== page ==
One of the most pernicious methods of dressing the hair, at the expense of its health, is by curling. This not only dries up the moisture that circulates through the hairs, but the heat and compression thus used completely prevent proper circulation. When, however, the habit is persisted in, its ill effects may be much obviated by constantly brushing the hair well, and having it frequently cut, by which means the necessary circulation is kept up, and the roots invigorated.
“Why don’t my hands look and feel as it would seem that the perfect Author of all things would have them?” How many a young man and woman have asked this question! and are troubled to know why it is that some persons have such bloodless hands, perfect nails, so free from hang-nails, as they are called, while their own hands look so much like duck’s feet or bird’s claws.
All sorts of cosmetics, the most penetrating oils, rubbing and scouring the hands, paring and scraping the nails, and cutting round the roots of the nails, are resorted to, in hopes of making their hands appear natural; but all avails nothing, and many a poor hand is made to perform all its manipulations incognito. About the piano, in the social party, in the house, and in the street, the hand—the most exquisite, or what should be the most beautiful and useful part of the human frame—is gloved. And why? Because it is not fit to be seen.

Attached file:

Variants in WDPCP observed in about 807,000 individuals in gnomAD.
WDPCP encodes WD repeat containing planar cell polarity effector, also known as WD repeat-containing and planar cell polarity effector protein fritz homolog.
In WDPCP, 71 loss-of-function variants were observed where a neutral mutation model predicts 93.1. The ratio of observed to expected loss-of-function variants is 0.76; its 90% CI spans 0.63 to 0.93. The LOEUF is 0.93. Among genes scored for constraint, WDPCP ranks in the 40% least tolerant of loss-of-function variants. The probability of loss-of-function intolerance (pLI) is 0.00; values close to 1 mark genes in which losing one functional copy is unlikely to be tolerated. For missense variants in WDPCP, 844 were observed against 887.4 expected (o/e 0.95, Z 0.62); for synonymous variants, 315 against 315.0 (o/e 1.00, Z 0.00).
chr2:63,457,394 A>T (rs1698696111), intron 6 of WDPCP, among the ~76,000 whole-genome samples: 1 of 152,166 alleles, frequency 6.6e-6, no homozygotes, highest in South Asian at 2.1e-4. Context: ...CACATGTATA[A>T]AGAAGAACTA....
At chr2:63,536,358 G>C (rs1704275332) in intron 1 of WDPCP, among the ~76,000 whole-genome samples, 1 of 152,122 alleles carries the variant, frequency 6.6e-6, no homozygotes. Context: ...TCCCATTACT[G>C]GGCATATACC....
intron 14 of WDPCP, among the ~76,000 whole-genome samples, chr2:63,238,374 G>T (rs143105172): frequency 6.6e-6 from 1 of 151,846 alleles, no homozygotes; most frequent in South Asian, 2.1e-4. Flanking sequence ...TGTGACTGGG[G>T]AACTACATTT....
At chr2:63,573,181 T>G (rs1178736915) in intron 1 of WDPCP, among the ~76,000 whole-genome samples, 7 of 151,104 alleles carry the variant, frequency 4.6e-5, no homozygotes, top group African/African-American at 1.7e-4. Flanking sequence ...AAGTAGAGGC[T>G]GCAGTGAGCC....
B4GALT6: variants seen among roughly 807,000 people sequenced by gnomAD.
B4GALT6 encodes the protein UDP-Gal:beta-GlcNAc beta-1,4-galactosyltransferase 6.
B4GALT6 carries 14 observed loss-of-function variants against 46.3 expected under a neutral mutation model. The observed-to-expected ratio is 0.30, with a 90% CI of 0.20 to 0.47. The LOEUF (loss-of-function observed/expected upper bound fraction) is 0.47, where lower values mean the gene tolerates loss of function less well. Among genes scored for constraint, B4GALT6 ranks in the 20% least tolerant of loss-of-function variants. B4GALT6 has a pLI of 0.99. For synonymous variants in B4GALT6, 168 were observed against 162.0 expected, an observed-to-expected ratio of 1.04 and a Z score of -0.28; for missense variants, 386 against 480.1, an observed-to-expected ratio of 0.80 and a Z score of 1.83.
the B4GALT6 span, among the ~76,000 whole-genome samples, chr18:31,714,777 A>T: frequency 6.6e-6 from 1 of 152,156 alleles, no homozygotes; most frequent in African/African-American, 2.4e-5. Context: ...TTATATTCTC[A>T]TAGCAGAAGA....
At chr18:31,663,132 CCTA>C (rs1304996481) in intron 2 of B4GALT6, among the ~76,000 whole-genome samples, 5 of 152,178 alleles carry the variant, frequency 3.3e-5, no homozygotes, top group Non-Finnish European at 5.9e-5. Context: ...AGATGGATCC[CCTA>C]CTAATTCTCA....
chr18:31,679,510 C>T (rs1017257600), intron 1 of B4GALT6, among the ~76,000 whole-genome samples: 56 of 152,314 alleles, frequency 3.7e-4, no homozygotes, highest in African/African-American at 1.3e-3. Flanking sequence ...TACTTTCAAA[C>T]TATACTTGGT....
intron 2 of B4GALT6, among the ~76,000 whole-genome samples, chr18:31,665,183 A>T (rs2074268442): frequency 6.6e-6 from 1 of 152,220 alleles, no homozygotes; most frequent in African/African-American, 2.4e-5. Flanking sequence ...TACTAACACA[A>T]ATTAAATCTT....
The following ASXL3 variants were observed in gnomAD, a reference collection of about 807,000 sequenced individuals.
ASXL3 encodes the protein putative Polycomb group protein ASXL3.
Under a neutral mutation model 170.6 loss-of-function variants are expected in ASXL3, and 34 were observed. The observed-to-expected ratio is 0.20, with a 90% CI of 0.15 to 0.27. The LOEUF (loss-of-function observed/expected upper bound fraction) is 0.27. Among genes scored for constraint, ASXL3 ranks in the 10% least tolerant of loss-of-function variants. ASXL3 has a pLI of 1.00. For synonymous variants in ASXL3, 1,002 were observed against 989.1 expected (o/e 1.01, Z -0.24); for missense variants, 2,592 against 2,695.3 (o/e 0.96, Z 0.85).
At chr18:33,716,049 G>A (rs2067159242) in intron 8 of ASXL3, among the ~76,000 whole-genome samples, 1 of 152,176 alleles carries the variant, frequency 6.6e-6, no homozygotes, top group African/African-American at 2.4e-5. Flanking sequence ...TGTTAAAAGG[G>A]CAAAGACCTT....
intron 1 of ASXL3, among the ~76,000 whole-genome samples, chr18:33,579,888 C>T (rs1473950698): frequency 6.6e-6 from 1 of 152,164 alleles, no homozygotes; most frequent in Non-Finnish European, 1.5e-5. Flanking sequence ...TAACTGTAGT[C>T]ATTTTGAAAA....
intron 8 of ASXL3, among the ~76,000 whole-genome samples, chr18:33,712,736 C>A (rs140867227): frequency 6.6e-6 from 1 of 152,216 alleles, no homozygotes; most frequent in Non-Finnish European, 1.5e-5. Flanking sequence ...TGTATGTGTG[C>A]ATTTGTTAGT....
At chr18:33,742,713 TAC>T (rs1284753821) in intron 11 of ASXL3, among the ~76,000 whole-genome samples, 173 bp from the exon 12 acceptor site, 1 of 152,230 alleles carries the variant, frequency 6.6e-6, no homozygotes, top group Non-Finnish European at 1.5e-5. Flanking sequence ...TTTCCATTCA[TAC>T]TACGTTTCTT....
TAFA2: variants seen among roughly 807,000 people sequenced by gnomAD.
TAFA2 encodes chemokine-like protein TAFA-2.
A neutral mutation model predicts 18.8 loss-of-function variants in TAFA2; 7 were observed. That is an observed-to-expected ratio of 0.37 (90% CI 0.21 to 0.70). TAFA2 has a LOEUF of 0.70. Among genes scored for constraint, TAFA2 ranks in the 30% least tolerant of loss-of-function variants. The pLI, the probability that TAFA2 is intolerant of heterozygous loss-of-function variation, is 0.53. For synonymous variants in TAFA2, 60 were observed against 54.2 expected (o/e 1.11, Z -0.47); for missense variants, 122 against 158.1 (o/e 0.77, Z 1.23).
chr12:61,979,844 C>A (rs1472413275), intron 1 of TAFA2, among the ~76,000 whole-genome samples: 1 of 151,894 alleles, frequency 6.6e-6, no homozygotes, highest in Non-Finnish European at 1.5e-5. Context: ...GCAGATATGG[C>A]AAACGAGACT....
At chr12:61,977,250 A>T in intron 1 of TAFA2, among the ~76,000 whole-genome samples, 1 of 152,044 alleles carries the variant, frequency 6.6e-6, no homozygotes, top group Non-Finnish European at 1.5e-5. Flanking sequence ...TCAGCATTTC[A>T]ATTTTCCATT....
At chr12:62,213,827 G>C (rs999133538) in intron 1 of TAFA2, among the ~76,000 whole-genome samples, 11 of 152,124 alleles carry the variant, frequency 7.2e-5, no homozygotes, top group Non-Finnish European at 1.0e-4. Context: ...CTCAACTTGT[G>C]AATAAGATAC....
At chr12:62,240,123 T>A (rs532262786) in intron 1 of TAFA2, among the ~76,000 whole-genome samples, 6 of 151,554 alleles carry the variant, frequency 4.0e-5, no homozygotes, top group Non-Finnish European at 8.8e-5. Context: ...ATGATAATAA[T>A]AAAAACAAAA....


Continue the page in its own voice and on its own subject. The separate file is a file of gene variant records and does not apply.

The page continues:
Now, reader, I am about to tell you of a positive cure. In the first place, never cut or scrape your finger-nails with a knife or scissors, except in paring them down to the end of the fingers. Secondly, use nothing but a good stiff nail-brush, fine soap, and water, and rub the nails and hands briskly with these every morning the year round. In the third place, I would have you know that surfeiting will invariably produce heavy, burning hands. An impure state of the blood will manifest itself in the hands sooner than in most other parts of the body. If you have bad hands, be assured that the quantity or quality, or both, of your diet is wrong.
If you try to profit by these suggestions, you will, before one year expires, be no longer ashamed of your hands.
There are some rules, which, being based on first principles, are of universal application. And one of these belongs to our present subject, viz: nothing can be truly beautiful which is not appropriate. Nature and the fine arts teach us this. All styles of dress, therefore, which impede the motions of the wearer—which do not sufficiently protect the person—which add unnecessarily to the heat of summer, or to the cold of winter—which do not suit the age or occupations of the wearer, or which indicate an expenditure unsuited to her means, are inappropriate, and, therefore, destitute